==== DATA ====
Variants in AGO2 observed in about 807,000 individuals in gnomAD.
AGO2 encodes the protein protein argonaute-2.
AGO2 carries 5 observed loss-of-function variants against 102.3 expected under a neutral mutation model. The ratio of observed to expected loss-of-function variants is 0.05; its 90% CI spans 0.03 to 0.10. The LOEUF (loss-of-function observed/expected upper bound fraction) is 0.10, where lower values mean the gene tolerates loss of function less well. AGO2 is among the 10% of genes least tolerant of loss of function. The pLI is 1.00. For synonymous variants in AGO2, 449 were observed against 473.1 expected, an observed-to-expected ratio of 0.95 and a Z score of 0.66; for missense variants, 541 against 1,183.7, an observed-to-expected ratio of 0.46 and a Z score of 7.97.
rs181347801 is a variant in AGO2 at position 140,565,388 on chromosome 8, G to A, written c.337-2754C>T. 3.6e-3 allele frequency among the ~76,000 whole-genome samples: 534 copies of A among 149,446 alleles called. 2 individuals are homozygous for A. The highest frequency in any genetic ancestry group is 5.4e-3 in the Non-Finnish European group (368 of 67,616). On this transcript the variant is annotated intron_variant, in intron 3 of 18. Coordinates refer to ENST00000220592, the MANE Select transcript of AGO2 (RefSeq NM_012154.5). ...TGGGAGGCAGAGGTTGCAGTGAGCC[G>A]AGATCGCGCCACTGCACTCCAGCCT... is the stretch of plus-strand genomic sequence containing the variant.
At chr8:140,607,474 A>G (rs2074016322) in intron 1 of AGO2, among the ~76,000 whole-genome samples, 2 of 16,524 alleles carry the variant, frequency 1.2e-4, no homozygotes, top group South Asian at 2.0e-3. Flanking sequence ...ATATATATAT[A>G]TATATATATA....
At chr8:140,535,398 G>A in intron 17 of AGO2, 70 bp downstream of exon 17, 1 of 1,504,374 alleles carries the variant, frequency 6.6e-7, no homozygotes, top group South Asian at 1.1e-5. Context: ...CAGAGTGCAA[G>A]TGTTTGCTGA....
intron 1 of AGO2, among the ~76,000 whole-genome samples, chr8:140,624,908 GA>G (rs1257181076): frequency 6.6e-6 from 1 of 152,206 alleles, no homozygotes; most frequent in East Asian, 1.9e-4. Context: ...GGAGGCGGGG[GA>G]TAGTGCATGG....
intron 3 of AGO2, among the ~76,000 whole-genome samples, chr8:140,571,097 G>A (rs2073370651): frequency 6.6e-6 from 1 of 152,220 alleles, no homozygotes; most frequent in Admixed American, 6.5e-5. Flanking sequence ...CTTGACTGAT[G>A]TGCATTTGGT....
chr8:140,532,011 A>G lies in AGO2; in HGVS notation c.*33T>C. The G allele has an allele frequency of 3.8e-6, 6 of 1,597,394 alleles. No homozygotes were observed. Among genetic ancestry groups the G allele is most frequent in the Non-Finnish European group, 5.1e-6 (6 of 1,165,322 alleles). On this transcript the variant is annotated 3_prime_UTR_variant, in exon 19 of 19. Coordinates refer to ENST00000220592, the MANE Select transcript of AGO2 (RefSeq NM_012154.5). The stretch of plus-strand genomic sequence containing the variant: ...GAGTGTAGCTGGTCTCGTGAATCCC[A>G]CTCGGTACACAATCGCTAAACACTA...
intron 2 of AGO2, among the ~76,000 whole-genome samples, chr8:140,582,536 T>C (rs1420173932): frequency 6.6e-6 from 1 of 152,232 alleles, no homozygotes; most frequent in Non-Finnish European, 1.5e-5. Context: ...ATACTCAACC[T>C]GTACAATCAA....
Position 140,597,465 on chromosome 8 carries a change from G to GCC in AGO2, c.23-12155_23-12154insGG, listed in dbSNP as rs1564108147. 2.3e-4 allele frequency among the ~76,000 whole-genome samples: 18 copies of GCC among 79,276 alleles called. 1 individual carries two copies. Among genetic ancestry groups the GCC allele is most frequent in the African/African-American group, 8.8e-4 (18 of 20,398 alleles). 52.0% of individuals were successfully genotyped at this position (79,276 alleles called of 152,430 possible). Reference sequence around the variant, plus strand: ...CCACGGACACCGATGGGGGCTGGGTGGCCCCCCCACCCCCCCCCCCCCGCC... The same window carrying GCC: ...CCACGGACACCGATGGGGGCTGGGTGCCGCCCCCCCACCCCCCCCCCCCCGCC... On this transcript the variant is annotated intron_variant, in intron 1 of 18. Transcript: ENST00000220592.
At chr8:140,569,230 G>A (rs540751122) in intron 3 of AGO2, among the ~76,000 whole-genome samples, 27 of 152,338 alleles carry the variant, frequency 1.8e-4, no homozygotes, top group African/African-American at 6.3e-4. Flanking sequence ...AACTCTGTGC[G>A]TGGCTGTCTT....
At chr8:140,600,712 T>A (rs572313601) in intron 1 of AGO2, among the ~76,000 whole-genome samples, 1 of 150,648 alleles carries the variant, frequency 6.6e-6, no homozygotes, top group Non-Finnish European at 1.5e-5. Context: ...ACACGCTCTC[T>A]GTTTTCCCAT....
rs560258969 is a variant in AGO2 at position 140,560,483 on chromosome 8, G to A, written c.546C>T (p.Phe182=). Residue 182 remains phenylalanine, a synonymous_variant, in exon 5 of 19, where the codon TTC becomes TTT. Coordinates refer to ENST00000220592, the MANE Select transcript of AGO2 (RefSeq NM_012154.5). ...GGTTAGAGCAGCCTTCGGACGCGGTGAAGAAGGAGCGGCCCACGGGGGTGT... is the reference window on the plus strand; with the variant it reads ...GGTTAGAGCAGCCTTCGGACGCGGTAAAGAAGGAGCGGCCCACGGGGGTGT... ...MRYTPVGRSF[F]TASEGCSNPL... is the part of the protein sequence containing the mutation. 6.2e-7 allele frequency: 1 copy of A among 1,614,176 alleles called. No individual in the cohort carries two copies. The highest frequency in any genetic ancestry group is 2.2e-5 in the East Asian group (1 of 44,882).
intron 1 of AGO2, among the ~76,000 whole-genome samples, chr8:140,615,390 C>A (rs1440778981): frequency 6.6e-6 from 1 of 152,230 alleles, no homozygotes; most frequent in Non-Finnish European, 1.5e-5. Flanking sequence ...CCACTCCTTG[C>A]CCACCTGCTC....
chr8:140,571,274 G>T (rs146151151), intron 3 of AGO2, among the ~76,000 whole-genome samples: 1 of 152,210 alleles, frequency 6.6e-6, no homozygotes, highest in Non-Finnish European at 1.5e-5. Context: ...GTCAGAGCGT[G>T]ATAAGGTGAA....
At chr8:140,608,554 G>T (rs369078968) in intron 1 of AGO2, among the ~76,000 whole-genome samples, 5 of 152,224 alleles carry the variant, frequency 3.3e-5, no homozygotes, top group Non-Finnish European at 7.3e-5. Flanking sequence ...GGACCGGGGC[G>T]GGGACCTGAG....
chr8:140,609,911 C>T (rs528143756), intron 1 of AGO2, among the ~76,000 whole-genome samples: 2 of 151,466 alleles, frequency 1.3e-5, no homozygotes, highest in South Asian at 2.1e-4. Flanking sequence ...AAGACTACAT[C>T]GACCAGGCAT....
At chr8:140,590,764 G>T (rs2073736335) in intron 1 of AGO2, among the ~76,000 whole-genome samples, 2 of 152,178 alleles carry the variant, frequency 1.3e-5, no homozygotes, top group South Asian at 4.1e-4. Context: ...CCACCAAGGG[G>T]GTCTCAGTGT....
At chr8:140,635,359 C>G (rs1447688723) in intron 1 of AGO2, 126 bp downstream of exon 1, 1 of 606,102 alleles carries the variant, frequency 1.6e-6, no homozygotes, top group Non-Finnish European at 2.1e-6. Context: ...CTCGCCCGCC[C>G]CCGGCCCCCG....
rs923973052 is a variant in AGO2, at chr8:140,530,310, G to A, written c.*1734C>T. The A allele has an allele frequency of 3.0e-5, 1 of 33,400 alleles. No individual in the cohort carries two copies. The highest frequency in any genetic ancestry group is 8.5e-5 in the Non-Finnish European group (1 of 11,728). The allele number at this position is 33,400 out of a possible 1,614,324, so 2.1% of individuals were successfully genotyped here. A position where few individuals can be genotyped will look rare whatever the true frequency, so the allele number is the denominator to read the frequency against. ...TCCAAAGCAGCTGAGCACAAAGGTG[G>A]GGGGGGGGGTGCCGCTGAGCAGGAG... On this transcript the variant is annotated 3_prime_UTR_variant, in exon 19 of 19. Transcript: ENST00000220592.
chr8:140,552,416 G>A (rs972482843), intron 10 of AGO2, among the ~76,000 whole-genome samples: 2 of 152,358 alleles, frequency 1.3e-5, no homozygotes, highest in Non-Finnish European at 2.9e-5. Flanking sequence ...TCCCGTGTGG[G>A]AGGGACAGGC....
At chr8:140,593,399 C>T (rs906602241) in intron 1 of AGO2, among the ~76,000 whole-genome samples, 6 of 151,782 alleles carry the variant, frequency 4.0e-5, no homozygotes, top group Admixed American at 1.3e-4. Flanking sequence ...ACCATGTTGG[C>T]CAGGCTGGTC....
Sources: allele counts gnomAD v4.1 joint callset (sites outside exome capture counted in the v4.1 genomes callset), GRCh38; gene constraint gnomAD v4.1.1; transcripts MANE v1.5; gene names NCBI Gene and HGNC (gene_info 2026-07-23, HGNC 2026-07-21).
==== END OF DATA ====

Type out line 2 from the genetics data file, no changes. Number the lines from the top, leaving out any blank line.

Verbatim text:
AGO2 encodes the protein protein argonaute-2.